knowledge to discern a possible call to priesthood. What started as a big challenge has turned into a blessing. My private prayer has also been a blessing for me. Time for private prayer is worked into the monastic schedule. It is a force that keeps me going throughout the day. My private prayer has been enhanced by taking classes in our Seminary and School of Theology.
After five years of living the monastic life, I am ready to fully commit myself to persevere in this life. As I wait for the Mass where I will make my solemn profession to begin, I hear all six bells ringing and I remember ringing those bells for other monks when they made their solemn vows. I consider those monks good friends.
Waiting for the bells to finish ringing, I stand in line ready to enter the Archabbey Church. My hair is cut with the monastic R
All of the monks in formation are encouraged to take classes as part of their formation. The classes on human formation, psalms, Scripture and some of the electives, such as a class on one of the mystics, have enhanced my prayer life.
I think about the monks still in formation, all good men learning the monastic way of life. And I think about the monks who have lived this life for 60 and 70 years. All have had an influence on my monastic call, and I appreciate each one.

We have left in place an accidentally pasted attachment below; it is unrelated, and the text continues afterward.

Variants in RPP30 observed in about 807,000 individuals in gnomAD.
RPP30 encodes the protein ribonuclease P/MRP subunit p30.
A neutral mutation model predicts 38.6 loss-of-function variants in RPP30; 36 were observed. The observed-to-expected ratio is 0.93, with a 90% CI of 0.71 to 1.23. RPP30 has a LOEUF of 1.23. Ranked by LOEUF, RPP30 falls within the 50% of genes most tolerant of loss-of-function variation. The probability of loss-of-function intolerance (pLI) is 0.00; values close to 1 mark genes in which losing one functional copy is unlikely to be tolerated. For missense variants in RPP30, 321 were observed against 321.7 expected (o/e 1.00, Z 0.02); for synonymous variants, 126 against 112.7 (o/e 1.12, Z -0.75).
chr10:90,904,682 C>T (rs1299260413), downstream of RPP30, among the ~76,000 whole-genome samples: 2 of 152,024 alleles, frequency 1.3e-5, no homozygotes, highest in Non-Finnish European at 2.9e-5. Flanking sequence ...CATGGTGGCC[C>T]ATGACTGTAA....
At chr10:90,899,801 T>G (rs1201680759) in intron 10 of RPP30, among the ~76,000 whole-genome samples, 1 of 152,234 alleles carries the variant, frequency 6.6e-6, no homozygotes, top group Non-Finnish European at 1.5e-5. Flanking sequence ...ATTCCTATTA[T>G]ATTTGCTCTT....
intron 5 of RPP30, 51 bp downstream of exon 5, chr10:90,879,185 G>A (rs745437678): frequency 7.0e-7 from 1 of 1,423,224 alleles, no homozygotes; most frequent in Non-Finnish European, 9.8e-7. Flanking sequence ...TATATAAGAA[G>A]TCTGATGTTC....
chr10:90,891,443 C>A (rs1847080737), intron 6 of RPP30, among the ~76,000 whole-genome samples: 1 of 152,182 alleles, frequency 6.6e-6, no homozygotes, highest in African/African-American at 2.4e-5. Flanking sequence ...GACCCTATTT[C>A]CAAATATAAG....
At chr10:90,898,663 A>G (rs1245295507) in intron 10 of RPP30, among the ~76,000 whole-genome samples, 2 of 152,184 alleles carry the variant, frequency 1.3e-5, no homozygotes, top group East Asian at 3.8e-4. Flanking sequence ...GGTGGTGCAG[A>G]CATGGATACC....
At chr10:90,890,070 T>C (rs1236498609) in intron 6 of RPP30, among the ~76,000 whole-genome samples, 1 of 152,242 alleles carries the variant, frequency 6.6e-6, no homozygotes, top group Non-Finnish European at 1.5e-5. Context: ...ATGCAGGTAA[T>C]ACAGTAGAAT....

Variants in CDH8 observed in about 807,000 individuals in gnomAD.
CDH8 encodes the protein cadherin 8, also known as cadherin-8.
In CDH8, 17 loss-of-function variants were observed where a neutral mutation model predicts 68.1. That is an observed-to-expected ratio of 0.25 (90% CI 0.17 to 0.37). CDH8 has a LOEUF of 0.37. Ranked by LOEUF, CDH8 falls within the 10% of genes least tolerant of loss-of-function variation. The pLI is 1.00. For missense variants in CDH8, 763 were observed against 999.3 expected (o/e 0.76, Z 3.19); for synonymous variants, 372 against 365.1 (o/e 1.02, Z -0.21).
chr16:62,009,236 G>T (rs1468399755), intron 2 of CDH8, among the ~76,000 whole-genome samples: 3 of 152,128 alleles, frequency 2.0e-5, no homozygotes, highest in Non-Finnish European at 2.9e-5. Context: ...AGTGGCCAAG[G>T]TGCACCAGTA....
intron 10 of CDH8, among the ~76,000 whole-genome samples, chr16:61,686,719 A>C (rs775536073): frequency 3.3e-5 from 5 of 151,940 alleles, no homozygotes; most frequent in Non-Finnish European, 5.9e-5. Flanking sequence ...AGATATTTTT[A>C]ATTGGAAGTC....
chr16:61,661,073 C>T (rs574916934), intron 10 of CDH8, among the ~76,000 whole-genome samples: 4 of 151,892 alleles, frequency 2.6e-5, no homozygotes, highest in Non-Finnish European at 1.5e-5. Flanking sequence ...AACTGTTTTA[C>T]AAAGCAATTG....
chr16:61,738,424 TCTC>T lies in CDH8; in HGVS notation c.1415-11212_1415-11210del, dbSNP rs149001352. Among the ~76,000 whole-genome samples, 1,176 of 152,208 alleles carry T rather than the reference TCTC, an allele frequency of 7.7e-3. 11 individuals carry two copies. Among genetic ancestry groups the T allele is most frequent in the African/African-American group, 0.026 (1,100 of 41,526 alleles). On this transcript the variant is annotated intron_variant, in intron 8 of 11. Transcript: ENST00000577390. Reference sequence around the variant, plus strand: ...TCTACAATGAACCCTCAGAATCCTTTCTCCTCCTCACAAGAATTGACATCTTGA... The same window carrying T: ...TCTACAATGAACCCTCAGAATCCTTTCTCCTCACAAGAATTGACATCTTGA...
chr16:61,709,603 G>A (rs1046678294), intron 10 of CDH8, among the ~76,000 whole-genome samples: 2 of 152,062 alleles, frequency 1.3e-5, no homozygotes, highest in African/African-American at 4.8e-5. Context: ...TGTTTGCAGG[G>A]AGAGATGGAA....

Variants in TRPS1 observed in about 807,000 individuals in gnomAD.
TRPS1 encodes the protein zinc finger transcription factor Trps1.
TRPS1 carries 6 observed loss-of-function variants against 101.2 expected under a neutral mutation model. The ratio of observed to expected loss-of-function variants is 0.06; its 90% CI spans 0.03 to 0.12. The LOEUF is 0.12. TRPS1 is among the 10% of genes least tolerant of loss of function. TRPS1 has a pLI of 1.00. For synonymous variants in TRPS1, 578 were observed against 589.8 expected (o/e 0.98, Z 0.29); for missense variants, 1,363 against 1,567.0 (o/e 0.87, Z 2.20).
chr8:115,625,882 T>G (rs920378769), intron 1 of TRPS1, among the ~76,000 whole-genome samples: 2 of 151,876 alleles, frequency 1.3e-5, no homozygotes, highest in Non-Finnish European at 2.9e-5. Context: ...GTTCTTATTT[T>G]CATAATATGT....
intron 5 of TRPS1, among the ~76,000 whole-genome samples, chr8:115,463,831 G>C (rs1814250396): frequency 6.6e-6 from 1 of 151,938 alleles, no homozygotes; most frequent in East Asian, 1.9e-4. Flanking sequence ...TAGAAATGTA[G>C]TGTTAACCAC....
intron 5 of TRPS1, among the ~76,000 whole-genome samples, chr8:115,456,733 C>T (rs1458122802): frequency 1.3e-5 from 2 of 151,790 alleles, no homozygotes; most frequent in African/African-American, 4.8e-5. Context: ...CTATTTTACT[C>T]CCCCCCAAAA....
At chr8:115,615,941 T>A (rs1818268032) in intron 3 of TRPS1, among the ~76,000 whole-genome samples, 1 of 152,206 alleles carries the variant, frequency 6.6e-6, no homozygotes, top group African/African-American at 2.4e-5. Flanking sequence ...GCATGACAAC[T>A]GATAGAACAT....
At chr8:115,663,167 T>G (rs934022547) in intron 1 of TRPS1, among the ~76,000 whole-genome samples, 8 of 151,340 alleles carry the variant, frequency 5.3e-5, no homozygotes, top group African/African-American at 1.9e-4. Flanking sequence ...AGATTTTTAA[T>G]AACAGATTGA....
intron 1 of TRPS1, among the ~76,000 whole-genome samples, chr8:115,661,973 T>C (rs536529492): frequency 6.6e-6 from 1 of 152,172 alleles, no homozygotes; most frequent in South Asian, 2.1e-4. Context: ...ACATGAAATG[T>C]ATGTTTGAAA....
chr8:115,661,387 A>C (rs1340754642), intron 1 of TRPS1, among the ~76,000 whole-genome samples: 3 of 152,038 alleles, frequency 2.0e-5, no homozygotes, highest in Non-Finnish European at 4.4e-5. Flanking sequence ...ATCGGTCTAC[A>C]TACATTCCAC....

corona. I hold in my hand my vow chart, which I will chant in front of my abbot and place on the altar during Mass. It is symbolic of placing myself on the altar. Soon I will sing, “Uphold me, O God, according to your promise and I shall live. And do not confound me in my expectation.” May God bring to completion what He has begun in me. ✢
Br. Luke Waugh’s vow chart rests on the altar during his solemn profession.
VOCATION NARRATION Fr. Christian Raab, OSB Even from an early age, I entertained thoughts about becoming a priest. But the thing about high school is that it’s a time in your life where all possible futures are open and you don’t really need to decide on anything. Next to a burgeoning dream of being a priest, I also dreamed of being an anthropologist, a doctor, a politician and a rock star. I also had a girlfriend, about whom I was very serious. So, there was that dream, too – the dream of being a husband and father. During my first two years of college, I drifted away from the Church and from a good moral life. I was directionless and considerably unhappy. At the end of sophomore year, I started to pray. It was different from the rote prayers I had learned as a child. I began to speak honestly to the Lord about all the confusions in my life. Through the conversation, I was given the gift of hope. I started to go to Mass again and to surround myself more with people who would support me in positive decisions. In fall semester of junior year, I went on a Newman Center-sponsored retreat at Saint Meinrad Archabbey. By then, the choice of what I was supposed to do with my life felt pressing. During one of the liturgies, I had an overwhelming sense of peace and freedom as I contemplated the